Self-extenuating excuses never seem more out of keeping than when offered by Christian apologists, in an attempted justification of those educated opinions which are at variance with the plain statements of the Master and which are fully accounted for by the abiding disposition of mortal thought to adjust its philosophy to its acquired habits. There are those who have been taught to think of a miracle as involving the violation or annulment of cosmic law (an event which they rightly deem impossible), and consequently who do not accept the gospel narratives of physical healing, the raising of the dead, etc., as portraying actual experiences. These people are entirely consistent in maintaining that the dethronement of divine law would end in universal chaos, and until their understanding of the meaning of the word miracle is corrected, one can thoroughly respect their position. When, however, those who accept the New Testament miracles as veritable events in fulfilment of divine law, undertake to make it appear that there is no possibility of their recurrence, they make a striking exhibition of their inconsistency.

A notable example of this last has recently appeared in a prominent monthly magazine. The writer is an avowed Christian and unreservedly asserts his belief in the verity of the Master's healing works and those of his disciples. Nevertheless, he as unreservedly denies the possibility of the doing of these works today, and for a reason which awakens doubt as to whether he really wishes to be taken seriously. After arguing for the genuineness of the New Testament miracles, he avers that miracles cannot occur "now," since "God would not be the just judge of all the earth if He permitted one in our times"!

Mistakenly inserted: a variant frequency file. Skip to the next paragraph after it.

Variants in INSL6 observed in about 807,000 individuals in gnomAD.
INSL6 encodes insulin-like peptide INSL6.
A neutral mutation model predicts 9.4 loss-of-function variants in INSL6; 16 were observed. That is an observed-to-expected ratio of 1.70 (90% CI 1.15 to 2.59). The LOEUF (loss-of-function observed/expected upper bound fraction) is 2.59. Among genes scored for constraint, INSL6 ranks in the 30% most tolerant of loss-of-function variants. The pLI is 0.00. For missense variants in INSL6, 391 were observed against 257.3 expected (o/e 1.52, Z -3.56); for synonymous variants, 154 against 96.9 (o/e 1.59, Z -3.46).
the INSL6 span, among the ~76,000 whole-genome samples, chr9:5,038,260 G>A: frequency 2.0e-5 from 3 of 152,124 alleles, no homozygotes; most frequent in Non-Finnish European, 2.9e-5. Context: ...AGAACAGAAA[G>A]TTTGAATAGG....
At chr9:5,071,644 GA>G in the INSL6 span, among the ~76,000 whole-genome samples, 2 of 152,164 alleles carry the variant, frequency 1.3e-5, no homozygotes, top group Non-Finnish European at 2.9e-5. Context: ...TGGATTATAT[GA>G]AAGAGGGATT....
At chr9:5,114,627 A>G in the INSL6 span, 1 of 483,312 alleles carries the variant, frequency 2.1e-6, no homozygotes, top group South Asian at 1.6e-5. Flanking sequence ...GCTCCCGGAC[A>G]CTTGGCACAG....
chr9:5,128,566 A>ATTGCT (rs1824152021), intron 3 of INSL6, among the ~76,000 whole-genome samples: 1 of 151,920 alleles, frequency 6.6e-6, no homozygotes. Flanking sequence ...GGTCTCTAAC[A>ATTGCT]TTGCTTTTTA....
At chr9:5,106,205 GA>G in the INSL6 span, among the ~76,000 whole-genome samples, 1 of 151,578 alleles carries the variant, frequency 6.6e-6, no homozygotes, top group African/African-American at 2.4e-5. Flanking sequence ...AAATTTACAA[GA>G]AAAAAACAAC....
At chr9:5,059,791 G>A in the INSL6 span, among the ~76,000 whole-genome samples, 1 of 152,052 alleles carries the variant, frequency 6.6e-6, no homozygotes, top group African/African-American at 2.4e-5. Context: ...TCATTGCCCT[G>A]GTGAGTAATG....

In support of this contention he argues that, since scientific demonstration is convincing and so compels belief, the veritable healing of an "incurable," or the raising of one from the dead, would render it impossible for any one not to believe, and thus interfere with the exercise of one's divinely given "freedom of the will." Men, he declares, "could not be praised or blamed for admitting what they could not help admitting, and God never compels a human being to be good"! In other words, the use of the means which it is conceded Jesus and his disciples employed to convince, heal, and save men is no longer advisable, since it would make us so sure about the truth that we would not be entirely free to go to the bad if we wanted to!

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February 4, 1911

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